At Grass & Bone, local farms serve as the source for butcher restaurateur’s cuts 

At Grass & Bone, local farms serve as the source for butcher restaurateur’s cuts 

MYSTIC — Have you ever dined in a butcher shop?

Grass & Bone, located at 24 E. Main St., is part of a new breed of hybrid restaurant-butcheries where the menu includes cooked beef, pork and chicken and customers can also purchase raw cuts of meat to cook at home. 

Bringing the two concepts together came naturally for Dan Meiser, co-owner of the establishment, who said he wanted to make high-quality, locally-sourced meat available to the public in a casual environment. With James Wayman, Meiser is also co-owner of the Oyster Club and the Engine Room restaurants, also in Mystic.

“I think there’s beauty in simplicity,” Meiser, 39, said Friday. “What we’re offering is on par from a product standpoint and a service standpoint of what we do at our other restaurants, but it’s denser, it’s fast, it’s casual, we don’t take reservations; it’s counter service, it’s honest food,” he said. “We also knew we wanted to open up a butcher shop early on because we knew we wanted to do our own cutting, have our own charcuterie and dry aging program, but also to make local meat available to the public.” 

Using Grass & Bone as a centralized butchery for his three restaurants, Meiser is meticulous about using locally-sourced, pasture-raised animals and birds. He said he procures one and a half to two steers per week from farms like Beriah Lewis Farm in North Stonington, as well as pigs from Wequetequock Farm in Stonington, and certified organic eggs from Wild Harmony Farm in Exeter, Rhode Island.

“This for us was the ability to cut for ourselves at the restaurant, consolidate that labor, but most importantly have a retail space where people can come in seven days a week in normal business hours and buy a beautiful piece of pork or a beautifully raised local bird,” he said. “That’s crucial and that part is getting really positive feedback; people love to come in and talk to our butcher and to have that relationship.” 

According to Bloomberg, Americans will eat a record 222.2 pounds of red meat and poultry per person in 2018, but Meiser said eating meat should be an experience about quality more than quantity. 

“We want that meat experience to be special, something that is savored and really, truly enjoyed,” he said. “And what we give you for that experience is going to be as good as it gets.” 

The concept has already caught on. Since opening Labor Day weekend, 45 percent of the eatery’s business is from repeat customers, Meiser said. 

“We’ll have people that will come in four or five times in a week and get the same thing because they just love it so much,” he said. “For length of the experience, it’s on par with fast food but we’re talking about locally-sourced meats, locally-made artisan breads and cheeses and locally-grown produce.”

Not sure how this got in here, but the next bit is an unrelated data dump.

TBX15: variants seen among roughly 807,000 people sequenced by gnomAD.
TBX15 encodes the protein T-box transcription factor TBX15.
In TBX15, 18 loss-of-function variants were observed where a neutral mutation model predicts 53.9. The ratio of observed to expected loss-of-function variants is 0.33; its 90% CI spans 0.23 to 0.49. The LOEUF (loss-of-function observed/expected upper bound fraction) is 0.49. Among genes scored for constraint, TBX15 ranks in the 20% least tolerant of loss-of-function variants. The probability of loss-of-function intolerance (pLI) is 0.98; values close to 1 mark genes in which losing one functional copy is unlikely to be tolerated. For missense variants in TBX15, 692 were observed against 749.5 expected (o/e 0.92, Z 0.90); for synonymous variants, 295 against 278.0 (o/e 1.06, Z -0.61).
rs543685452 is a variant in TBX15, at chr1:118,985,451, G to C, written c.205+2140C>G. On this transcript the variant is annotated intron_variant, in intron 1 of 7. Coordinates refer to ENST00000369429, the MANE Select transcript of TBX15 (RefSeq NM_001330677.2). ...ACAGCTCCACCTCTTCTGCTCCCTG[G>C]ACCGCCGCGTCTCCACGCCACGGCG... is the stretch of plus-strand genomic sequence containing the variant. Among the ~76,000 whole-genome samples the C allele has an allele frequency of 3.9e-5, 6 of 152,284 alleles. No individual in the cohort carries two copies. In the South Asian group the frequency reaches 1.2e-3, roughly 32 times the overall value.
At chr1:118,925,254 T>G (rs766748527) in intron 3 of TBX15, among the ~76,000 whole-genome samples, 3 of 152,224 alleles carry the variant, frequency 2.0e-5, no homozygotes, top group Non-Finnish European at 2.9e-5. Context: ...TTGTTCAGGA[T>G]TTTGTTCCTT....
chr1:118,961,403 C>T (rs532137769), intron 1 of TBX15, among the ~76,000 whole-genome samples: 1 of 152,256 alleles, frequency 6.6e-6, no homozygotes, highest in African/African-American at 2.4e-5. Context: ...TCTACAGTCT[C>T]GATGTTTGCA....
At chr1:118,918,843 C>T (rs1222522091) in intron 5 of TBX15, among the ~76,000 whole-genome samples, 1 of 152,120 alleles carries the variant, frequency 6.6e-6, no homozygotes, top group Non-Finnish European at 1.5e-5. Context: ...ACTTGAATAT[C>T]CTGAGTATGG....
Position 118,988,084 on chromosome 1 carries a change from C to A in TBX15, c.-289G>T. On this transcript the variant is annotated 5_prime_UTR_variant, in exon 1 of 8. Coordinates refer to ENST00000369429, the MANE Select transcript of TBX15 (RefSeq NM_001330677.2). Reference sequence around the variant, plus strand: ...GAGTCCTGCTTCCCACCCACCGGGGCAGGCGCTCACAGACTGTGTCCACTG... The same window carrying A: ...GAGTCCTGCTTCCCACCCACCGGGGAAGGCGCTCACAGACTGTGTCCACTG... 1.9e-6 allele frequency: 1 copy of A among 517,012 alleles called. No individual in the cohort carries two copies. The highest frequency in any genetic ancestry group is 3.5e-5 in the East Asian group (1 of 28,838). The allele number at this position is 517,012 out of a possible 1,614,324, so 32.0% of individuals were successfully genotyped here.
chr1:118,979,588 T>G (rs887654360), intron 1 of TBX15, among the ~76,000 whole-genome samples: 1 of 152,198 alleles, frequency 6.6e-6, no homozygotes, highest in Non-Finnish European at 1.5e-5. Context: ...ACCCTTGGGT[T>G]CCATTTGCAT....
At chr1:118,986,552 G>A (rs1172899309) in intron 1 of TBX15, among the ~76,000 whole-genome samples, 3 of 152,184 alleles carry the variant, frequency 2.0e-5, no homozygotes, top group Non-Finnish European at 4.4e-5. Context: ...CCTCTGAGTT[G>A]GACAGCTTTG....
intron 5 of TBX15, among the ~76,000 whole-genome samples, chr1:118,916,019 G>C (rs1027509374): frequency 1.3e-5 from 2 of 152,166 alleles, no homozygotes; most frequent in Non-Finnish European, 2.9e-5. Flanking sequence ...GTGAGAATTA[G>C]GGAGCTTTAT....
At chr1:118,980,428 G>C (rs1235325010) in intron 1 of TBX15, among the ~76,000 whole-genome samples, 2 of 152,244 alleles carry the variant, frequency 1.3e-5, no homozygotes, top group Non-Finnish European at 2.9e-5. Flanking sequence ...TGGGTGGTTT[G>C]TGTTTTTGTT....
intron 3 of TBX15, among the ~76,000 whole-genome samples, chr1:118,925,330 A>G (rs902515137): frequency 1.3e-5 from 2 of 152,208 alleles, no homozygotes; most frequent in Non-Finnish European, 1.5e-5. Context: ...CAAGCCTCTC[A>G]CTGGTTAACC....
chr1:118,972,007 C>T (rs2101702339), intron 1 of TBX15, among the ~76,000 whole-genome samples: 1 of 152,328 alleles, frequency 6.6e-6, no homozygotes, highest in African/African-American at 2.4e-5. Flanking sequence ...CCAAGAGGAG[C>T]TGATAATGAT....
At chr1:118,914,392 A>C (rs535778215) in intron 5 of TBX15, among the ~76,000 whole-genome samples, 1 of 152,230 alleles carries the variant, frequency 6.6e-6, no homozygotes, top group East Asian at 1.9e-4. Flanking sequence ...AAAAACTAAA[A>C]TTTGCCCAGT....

Meiser’s passion for food can be traced to his childhood and teen years in Manchester, Conn. 

“I was someone who grew up hunting and fishing so I learned from a young age basic butchery and field dressing and things like that,” he said. “And my first job all through high school and into college was in a butcher shop — that seemed like a great opportunity and I ended up loving it.” 

Meiser went to Bucknell University and almost went to law school, but still wanted to cook professionally. He got a job as a prep cook, worked his way up to the cooking line and eventually went to the French Culinary Institute in Manhattan. After working in several high-end New York restaurants, Meiser helped open the Ocean House Restaurant in 2009 and decided to stay in the area, opening the Oyster Club in 2011. 

In terms of prices, Meiser said Grass & Bone is about the same as other outlets selling organically-raised meats, and he has no intention to compete with grocery store prices because the products are completely different. 

“Our prices are very fair and competitive for what it is, but there is no question that we can never compete, and never want to compete, with commodity pork and beef,” he said. “The idea that a pork chop is a pork chop is a pork chop is insane, it’s not true at all; I would make the argument til the day I die: Spend the extra money, eat it less often and make it count and really, truly enjoy it because I can promise you that if you have pork chop from Harmony Farm you’ll never eat store-bought pork again.” 

Buying food for the three restaurants is also an important part of the local food economy, he said. 

“Last year, between the three restaurants, we purchased over a million dollars of local product — that’s local bread, cheeses, vegetables, meat, fish — that has a real impact on the local economy and we’re proud as hell to say that,” he said. “That’s up there with every accolade we’ve ever won; it’s even more important because we’re part of this bigger picture.” 

Meiser, who also owns Stone Acres Farm with his wife, Jane Simmons Meiser, said his next venture is likely a farm-to-table restaurant in the barn. 

“We’d be sourcing almost exclusively from the property,” he said. “It would be very, very seasonal.”


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